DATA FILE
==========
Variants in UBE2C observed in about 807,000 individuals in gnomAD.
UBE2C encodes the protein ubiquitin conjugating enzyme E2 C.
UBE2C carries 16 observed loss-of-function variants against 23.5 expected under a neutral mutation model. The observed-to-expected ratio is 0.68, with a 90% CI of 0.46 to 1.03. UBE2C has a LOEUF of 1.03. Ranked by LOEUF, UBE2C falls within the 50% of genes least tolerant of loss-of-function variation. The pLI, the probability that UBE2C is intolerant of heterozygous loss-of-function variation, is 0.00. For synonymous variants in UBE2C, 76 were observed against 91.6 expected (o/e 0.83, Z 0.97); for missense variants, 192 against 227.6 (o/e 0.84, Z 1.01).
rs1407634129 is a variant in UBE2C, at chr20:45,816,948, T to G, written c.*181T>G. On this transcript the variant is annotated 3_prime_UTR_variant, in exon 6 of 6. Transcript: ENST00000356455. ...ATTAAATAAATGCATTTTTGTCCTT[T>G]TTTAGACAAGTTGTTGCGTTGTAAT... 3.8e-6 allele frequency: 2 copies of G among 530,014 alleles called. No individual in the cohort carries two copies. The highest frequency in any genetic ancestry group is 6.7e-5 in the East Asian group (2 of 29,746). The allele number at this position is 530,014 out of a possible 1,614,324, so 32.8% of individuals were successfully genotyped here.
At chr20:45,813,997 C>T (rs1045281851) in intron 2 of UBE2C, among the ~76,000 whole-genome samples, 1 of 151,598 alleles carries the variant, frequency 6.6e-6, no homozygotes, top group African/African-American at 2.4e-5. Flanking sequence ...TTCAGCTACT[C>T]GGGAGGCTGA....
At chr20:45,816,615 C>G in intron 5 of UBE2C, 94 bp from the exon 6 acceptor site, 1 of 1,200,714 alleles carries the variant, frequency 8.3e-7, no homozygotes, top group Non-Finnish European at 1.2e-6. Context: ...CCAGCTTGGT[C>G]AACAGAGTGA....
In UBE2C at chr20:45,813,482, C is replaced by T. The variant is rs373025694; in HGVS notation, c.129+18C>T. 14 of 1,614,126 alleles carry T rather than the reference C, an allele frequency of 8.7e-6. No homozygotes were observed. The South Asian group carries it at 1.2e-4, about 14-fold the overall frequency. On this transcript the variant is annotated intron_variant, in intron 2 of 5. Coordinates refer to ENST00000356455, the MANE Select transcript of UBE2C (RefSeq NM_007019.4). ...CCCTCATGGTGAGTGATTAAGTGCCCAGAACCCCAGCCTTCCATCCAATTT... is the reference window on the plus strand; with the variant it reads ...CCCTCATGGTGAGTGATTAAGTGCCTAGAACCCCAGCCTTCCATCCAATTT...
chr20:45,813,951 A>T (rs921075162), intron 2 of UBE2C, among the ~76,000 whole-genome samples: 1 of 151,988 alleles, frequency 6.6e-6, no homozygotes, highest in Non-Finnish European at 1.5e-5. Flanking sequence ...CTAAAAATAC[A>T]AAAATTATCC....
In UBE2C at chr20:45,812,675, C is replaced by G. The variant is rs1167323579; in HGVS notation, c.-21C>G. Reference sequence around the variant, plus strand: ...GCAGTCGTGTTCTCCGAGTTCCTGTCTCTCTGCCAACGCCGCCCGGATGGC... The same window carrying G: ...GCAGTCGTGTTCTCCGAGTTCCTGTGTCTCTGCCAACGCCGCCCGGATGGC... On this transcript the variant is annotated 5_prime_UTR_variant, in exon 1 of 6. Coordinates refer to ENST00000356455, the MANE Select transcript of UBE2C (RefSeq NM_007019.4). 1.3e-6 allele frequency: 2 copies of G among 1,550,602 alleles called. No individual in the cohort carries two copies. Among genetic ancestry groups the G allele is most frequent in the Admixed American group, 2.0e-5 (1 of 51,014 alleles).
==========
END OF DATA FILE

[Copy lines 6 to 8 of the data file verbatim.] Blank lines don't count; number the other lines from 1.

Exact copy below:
At chr20:45,816,615 C>G in intron 5 of UBE2C, 94 bp from the exon 6 acceptor site, 1 of 1,200,714 alleles carries the variant, frequency 8.3e-7, no homozygotes, top group Non-Finnish European at 1.2e-6. Context: ...CCAGCTTGGT[C>G]AACAGAGTGA....
In UBE2C at chr20:45,813,482, C is replaced by T. The variant is rs373025694; in HGVS notation, c.129+18C>T. 14 of 1,614,126 alleles carry T rather than the reference C, an allele frequency of 8.7e-6. No homozygotes were observed. The South Asian group carries it at 1.2e-4, about 14-fold the overall frequency. On this transcript the variant is annotated intron_variant, in intron 2 of 5. Coordinates refer to ENST00000356455, the MANE Select transcript of UBE2C (RefSeq NM_007019.4). ...CCCTCATGGTGAGTGATTAAGTGCCCAGAACCCCAGCCTTCCATCCAATTT... is the reference window on the plus strand; with the variant it reads ...CCCTCATGGTGAGTGATTAAGTGCCTAGAACCCCAGCCTTCCATCCAATTT...
chr20:45,813,951 A>T (rs921075162), intron 2 of UBE2C, among the ~76,000 whole-genome samples: 1 of 151,988 alleles, frequency 6.6e-6, no homozygotes, highest in Non-Finnish European at 1.5e-5. Flanking sequence ...CTAAAAATAC[A>T]AAAATTATCC....